It is classically taught that scapular fractures (SF) are commonly associated with blunt thoracic aortic injury (BTAI). The purpose of this study was to determine the association between SF and BTAI. A 10-year retrospective review of blunt trauma admissions from two level I trauma centers located in different geographic regions, Washington Hospital Center (WHC) and Los Angeles County Medical Center and the University of Southern California (LAC/USC), was performed. Patients with SF and BTAI were identified, and records were reviewed to determine associated injuries. We identified 35,541 blunt trauma admissions (WHC: 12,971, LAC/USC: 22,570). SF and BTAI occurred in 1.1 per cent and 0.6 per cent of patients, respectively. Most of the patients with SF had associated injuries (99%). Only four patients with SF had BTAI (4/392; 1.0%). The most common injuries associated with SF were rib (43%), lower extremity (36%), and upper extremity (33%) fractures. SF is uncommon after blunt trauma. Patients with SF almost always have significant associated injuries. Although SF indicates a high amount of energy transmitted to the upper thorax, these patients rarely have BTAI. SF should not be used as an indicator of possible BTAI.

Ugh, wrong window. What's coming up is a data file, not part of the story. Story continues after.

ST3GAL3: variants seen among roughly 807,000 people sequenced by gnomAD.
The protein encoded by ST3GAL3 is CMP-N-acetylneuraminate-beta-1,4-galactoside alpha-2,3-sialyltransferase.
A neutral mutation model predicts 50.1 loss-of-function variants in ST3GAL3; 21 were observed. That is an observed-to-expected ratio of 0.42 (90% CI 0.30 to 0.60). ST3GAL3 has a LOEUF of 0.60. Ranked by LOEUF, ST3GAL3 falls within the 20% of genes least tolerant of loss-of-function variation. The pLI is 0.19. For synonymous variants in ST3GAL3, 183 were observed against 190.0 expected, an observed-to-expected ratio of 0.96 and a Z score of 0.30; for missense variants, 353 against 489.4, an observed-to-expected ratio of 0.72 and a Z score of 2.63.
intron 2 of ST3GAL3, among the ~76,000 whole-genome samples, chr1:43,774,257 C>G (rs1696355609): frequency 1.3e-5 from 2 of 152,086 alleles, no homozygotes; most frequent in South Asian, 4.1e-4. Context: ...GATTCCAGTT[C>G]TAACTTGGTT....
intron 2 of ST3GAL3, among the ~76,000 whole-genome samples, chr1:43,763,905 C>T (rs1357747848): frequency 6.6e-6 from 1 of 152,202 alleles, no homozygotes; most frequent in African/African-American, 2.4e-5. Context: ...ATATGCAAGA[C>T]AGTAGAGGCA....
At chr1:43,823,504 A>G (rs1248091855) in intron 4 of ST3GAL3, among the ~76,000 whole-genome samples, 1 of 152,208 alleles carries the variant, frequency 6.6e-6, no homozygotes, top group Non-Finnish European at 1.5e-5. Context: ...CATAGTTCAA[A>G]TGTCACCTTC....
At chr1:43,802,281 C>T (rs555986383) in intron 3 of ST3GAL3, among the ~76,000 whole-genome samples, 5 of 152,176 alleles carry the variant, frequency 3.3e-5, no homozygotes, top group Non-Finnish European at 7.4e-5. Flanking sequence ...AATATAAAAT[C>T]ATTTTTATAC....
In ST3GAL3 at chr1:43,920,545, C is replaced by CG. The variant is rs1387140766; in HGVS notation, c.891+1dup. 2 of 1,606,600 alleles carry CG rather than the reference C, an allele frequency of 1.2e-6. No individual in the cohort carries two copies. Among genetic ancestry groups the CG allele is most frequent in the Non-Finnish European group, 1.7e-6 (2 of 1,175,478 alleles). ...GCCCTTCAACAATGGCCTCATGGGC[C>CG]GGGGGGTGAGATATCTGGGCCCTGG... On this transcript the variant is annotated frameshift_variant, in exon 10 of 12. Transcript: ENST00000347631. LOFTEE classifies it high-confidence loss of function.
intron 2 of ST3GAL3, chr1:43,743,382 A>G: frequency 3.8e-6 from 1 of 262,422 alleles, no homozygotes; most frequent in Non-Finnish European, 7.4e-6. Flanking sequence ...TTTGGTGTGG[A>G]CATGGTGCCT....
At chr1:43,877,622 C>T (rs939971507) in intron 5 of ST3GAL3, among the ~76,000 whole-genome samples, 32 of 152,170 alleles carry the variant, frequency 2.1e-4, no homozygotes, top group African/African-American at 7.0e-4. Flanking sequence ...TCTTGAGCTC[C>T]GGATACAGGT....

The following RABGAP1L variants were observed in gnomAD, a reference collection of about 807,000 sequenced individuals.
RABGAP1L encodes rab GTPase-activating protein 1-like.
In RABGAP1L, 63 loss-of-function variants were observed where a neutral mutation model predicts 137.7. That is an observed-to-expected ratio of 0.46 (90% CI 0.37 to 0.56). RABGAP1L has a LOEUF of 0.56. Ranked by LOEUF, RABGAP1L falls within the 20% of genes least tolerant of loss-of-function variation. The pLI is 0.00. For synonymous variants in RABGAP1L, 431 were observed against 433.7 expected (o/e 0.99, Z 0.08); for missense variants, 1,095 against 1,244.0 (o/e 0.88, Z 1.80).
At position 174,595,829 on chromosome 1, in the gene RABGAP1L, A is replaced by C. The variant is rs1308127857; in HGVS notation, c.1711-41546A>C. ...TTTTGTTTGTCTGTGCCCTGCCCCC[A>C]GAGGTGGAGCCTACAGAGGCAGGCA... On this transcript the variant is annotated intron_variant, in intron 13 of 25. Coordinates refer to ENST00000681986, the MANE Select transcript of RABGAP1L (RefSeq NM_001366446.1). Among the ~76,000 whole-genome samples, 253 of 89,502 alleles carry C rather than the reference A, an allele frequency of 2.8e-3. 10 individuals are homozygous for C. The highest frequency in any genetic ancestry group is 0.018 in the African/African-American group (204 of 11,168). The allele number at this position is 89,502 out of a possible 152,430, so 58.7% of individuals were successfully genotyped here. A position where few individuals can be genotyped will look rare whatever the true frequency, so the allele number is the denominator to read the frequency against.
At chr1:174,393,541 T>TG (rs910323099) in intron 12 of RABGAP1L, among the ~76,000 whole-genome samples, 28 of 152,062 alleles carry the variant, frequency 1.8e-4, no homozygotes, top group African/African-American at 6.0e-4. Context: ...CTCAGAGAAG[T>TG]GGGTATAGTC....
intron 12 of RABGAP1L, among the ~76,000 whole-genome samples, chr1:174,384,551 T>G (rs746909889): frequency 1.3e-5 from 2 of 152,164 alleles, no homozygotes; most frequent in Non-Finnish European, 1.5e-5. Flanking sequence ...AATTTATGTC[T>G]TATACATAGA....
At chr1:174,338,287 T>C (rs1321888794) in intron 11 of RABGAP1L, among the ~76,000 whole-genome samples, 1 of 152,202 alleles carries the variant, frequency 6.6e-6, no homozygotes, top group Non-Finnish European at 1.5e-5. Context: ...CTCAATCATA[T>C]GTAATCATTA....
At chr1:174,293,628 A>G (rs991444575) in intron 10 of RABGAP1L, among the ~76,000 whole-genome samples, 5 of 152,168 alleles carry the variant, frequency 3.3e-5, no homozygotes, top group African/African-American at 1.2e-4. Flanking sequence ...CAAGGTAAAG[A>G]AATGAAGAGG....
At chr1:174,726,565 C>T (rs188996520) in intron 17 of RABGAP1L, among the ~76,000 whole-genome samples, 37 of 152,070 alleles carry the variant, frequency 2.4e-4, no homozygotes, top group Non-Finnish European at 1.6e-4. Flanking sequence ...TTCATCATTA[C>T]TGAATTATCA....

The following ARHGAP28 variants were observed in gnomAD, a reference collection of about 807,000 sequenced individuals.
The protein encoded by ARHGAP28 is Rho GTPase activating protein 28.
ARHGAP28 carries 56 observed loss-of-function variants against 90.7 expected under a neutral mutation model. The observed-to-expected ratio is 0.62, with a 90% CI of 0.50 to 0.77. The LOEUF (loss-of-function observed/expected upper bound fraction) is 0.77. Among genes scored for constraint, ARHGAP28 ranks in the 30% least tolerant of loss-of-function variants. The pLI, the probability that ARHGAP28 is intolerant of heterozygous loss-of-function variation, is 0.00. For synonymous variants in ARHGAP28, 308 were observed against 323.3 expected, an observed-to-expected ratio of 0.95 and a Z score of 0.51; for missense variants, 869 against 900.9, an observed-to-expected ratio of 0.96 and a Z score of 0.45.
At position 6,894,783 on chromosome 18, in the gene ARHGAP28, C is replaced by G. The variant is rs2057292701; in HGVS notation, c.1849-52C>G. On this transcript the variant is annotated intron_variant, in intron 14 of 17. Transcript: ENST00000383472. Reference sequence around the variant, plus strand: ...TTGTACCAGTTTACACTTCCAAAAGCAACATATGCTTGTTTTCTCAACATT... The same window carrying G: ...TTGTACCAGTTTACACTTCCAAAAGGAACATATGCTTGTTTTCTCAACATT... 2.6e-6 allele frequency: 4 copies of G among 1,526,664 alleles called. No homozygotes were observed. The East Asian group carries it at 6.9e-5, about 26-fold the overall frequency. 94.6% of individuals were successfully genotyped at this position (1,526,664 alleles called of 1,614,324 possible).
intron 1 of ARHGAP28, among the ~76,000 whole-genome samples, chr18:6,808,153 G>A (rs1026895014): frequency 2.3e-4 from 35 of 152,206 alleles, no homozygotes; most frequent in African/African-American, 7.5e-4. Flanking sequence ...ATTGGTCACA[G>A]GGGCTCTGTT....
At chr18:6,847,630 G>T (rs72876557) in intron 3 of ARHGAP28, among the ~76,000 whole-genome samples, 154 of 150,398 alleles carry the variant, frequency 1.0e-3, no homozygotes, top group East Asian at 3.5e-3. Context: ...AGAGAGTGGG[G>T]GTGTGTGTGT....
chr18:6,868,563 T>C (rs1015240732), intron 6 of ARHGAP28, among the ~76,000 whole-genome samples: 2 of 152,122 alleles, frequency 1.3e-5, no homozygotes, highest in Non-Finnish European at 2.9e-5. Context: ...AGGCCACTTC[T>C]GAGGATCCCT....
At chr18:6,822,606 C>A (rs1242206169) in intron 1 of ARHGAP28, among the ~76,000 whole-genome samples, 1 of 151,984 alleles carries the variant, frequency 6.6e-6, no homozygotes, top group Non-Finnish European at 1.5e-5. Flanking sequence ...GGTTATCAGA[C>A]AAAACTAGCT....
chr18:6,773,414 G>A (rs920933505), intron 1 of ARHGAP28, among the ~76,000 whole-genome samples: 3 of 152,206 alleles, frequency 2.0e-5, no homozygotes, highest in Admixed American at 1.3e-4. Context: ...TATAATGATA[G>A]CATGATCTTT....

|Original language||English (US)|
|Number of pages||4|
|State||Published - 2005|
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